With the passing of Senator Kennedy last week, folks across the country were looking back, some even benevolently, on the Kennedy family and legacy. It’s a rich tapestry, filled with both the very obvious highs and lows, but also tinged with great nuance. Teddy the painter, Teddy the sailor, Teddy the history buff, Teddy the practical joker…and on and on.
Some of the more touching moments over the past several days of mourning were the younger Kennedys talking about what Uncle Teddy meant to them, as a father, uncle, grandfather, stepfather, and friend; the intercessions at his funeral by the younger generations, offered up in EMK’s own words as prayers with great poise; and of course the tales told by Senators John McCain and Orrin Hatch, and by Vice President Joe Biden at the memorial service at the JFK library, which added layers and colors to the picture as well.
Among the questions being raised now that Teddy’s gone is what will happen to health care legislation. There’s no question that getting national health care implemented was a life-long goal, and one that we are teetering on the brink of accomplishing. While he had not been present in the Senate for a very long time, he was working behind the scenes, the consummate politician, helping others try and keep the legislation moving along. Recall that, at different times in the debate over the past several months, what’s been discussed as vital to our country are covering the uninsured (which includes not only those who apparently can’t get insurance, but also those who choose not to), saving money (by reducing unnecessary services, but certainly not by ‘rationing care’), and by improving quality (through incentives to those who practice medicine well and drive positive outcomes, but definitely not about improving the quality of end of life care;, heaven forbid that even get discussed). And of course, through all of this, we must bring the evil insurance companies to their knees and get them to change their ways.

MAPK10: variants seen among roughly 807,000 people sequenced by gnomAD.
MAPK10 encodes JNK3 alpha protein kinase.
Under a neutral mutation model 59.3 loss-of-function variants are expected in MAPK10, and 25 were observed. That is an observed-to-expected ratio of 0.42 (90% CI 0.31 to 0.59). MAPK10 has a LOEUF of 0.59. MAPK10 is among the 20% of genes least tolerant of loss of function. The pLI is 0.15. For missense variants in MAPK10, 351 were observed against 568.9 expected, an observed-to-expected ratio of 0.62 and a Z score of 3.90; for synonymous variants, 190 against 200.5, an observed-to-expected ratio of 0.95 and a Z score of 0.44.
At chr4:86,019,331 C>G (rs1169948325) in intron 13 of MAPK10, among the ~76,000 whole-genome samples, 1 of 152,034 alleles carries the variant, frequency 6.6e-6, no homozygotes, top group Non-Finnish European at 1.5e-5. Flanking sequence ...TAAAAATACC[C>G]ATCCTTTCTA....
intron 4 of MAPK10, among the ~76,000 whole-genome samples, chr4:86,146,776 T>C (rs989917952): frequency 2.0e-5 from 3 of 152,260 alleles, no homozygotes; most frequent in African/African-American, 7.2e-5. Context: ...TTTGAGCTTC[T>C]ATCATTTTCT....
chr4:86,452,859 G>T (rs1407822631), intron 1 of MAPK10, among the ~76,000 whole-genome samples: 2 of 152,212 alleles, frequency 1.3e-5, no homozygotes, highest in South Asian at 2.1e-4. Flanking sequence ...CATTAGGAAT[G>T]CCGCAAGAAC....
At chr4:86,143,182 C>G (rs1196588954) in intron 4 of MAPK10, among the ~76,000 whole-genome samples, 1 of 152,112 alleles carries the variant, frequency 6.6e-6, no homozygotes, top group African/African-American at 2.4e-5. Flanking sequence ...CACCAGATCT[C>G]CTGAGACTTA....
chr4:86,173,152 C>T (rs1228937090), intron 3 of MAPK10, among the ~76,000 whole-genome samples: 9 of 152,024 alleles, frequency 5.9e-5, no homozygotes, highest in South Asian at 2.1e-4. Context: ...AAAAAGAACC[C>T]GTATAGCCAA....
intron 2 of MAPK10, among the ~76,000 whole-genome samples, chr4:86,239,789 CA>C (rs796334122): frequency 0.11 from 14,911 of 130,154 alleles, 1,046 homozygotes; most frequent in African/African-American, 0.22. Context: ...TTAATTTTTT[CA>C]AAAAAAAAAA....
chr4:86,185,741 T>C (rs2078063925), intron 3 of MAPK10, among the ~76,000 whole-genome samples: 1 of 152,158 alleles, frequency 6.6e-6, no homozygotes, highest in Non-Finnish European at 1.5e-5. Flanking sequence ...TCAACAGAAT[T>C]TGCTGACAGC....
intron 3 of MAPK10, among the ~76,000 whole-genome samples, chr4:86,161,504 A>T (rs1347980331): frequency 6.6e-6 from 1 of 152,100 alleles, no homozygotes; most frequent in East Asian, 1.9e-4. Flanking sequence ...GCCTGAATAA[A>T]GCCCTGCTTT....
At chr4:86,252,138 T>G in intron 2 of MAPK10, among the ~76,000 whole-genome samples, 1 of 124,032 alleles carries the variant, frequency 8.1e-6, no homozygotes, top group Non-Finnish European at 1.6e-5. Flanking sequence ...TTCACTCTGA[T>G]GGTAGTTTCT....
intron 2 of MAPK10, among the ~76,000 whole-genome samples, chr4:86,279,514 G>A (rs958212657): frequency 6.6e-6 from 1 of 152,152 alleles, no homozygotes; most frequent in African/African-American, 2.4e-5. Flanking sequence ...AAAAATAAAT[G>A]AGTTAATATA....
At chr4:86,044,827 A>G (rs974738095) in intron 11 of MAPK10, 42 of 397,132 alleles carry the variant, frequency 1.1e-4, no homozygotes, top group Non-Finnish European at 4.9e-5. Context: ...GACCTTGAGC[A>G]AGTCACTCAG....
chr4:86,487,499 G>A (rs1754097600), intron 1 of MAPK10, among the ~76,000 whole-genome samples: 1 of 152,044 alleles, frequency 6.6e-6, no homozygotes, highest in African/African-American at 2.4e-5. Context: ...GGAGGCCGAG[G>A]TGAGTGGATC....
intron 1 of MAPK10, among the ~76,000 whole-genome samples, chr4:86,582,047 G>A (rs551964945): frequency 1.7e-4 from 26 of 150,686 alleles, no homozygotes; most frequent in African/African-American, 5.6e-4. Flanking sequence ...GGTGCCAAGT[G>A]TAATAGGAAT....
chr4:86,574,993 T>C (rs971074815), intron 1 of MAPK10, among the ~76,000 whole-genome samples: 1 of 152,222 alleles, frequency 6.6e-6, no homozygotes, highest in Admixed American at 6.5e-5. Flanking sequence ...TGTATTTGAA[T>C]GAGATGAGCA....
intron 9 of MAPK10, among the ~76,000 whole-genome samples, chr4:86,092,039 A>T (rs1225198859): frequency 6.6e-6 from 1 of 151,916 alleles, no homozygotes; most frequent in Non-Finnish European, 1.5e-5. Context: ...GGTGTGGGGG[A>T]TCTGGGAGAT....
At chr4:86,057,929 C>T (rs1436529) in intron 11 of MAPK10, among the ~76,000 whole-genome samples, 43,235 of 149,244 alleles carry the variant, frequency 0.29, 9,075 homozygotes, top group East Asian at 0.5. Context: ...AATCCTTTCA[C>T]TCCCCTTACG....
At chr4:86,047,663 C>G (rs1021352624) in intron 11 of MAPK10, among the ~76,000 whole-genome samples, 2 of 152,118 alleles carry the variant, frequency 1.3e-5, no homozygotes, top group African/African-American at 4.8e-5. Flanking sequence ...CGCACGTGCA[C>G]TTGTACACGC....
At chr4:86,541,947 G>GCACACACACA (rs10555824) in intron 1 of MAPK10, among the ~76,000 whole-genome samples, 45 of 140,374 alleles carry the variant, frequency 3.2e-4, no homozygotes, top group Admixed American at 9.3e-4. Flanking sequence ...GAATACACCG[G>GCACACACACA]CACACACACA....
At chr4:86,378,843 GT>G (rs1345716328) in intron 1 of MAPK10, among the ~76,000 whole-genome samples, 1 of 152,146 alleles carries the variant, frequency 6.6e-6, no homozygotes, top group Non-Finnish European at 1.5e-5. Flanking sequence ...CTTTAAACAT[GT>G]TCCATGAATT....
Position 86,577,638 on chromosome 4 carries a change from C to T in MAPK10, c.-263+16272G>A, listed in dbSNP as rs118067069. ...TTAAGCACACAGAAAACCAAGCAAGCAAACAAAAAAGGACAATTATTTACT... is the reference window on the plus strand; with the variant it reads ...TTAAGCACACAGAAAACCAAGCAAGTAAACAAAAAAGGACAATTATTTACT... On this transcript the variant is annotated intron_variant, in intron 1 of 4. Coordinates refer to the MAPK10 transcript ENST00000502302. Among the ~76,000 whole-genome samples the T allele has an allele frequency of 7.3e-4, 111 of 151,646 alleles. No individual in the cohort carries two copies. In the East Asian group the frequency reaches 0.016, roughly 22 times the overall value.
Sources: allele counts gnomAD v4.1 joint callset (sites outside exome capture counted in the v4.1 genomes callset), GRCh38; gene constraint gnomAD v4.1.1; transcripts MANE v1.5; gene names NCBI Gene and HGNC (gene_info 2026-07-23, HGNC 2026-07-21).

Sadly, however, we can’t cover more people, and reduce costs, and not ration care, and pay more for the care that’s provided, and bring an industry to its knees all at the same time. Even Teddy realized long ago that you can’t get everything in one fell swoop – you have to take incremental victories along the way. Incrementally, we’ve achieved S-CHIP, health insurance for children. Incrementally, we’ve achieved HIPAA, the Health Insurance Portability and Accountability Act, which requires that certain prior insurance coverage count against waiting periods under new insurance, and defines how those waiting periods are determined. Incrementally, we’ve gotten COBRA laws , which allow a person to continue their health insurance when they're between jobs, and helps make the HIPAA protections more secure. And under new legislation passed earlier this year, COBRA coverage can be subsidized by the government, reducing the burden on folks during these difficult economic times.